No one should have to choose between food and medicine. For many low-income people with chronic illnesses, however, it’s a decision far too familiar.
Seth Berkowitz, a doctor at Massachusetts General Hospital, recalls a woman — a mother — who ended up in the hospital with dangerously high blood pressure. The woman had a prescription for a medication to keep her blood pressure down, but she hadn’t filled it because it was nearing the end of the school year and her kids’ final tests were coming up. Faced with the option of paying for a prescription she needed or making sure her kids weren’t going into their tests hungry, she chose to feed her kids.
This is not an uncommon dilemma. When Berkowitz conducted a study on the subject back in 2014, he discovered that a third of the chronically ill patients he saw couldn’t afford both food and medication.
By skipping medications in favor of paying for food, people and families often end up spending more on health care in the long run. Medical emergencies are expensive — even just a ride in an ambulance can cost several thousands of dollars — and skipping regular checkups or other preventive care can lead to more costly problems further down the line.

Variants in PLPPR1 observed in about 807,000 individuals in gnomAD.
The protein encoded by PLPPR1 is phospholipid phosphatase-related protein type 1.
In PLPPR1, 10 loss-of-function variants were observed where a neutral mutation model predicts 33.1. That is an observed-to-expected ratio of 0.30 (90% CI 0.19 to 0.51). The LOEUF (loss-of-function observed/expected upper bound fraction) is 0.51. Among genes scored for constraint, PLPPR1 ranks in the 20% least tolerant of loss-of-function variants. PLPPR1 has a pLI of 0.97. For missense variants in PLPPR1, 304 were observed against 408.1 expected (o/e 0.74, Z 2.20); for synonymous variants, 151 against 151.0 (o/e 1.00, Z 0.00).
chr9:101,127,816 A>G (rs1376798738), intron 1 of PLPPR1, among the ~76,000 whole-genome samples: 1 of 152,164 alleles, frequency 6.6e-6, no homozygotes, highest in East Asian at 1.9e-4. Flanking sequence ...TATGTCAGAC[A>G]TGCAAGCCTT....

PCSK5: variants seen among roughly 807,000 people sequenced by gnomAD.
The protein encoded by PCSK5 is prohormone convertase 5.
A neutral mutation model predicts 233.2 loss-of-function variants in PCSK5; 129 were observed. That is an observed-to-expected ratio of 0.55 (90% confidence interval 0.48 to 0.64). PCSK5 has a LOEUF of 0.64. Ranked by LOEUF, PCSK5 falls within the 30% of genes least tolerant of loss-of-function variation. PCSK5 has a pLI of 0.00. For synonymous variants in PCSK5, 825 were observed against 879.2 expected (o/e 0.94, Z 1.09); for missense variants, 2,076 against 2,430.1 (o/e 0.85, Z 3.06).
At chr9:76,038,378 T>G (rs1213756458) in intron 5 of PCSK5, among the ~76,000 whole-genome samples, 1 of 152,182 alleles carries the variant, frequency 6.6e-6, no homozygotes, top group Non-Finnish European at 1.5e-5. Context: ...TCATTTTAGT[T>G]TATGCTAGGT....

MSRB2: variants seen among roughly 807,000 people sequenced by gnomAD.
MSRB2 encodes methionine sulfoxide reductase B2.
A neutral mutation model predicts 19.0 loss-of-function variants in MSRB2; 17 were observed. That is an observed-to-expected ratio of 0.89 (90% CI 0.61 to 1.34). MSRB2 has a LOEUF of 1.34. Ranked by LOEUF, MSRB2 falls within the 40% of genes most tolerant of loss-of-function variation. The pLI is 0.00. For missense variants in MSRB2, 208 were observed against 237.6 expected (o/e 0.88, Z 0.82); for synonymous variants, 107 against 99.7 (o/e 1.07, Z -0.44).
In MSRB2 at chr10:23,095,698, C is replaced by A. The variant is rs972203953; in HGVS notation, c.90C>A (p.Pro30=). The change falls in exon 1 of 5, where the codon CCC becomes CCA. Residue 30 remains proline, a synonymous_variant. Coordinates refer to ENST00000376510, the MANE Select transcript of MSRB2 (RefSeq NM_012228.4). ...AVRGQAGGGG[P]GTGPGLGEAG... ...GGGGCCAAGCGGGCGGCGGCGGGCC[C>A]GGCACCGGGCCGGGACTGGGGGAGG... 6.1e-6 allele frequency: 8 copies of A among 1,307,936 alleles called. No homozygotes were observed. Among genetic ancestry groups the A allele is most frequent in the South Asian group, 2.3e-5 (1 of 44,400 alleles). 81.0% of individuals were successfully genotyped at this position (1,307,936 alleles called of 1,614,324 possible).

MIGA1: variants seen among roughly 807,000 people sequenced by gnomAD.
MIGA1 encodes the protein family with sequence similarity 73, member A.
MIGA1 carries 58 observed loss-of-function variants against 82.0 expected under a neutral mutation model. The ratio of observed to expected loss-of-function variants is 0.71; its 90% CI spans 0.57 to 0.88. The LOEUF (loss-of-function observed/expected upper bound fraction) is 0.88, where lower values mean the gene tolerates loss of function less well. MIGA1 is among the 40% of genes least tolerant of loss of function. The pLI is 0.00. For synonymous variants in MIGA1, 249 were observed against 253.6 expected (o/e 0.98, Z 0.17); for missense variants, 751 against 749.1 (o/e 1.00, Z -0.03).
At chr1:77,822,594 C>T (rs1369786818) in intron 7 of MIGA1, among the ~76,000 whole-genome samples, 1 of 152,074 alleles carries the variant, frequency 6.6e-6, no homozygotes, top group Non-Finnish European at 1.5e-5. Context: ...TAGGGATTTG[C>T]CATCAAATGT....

Seeing firsthand how food insecurity forces people to make tough decisions, Berkowitz began work on a follow-up study.
Does helping people afford food lower their overall medical bills?
According to a new study published in JAMA Internal Medicine by Berkowitz and colleagues, food assistance through the American government’s Supplemental Nutrition Assistance Program could help low-income individuals and families save on their medical bills.
SNAP — formerly known as food stamps — is a federal program that gives low-income individuals money to spend on food. The exact implementation varies state by state, but overall about 1 in 7 Americans get help through the program.
Berkowitz’s study looked at roughly 4,400 low-income adults, about 40% of whom were on SNAP. When Berkowitz’s team compared how much the average person in each group was spending on health care, they found the SNAP group spent about $1,400 less per year.
For comparison, the average single adult on SNAP receives about $1,500 a year in benefits.
What can we do with this knowledge?
Berkowitz’s study wasn’t able to pinpoint why these savings happen, but they have some ideas. People with SNAP benefits — now better able to feed their families — may be more likely to get their necessary prescriptions and checkups. Being able to afford healthier food might also be a factor.
This research is especially timely as America is searching for a way to decrease its massive health care bill.
By understanding how social programs help keep people out of the hospital in the first place, studies like this one can help us understand how to keep spending down.
Not to mention how to make sure moms like Berkowitz’s patient can both feed their kids and fill their prescriptions too.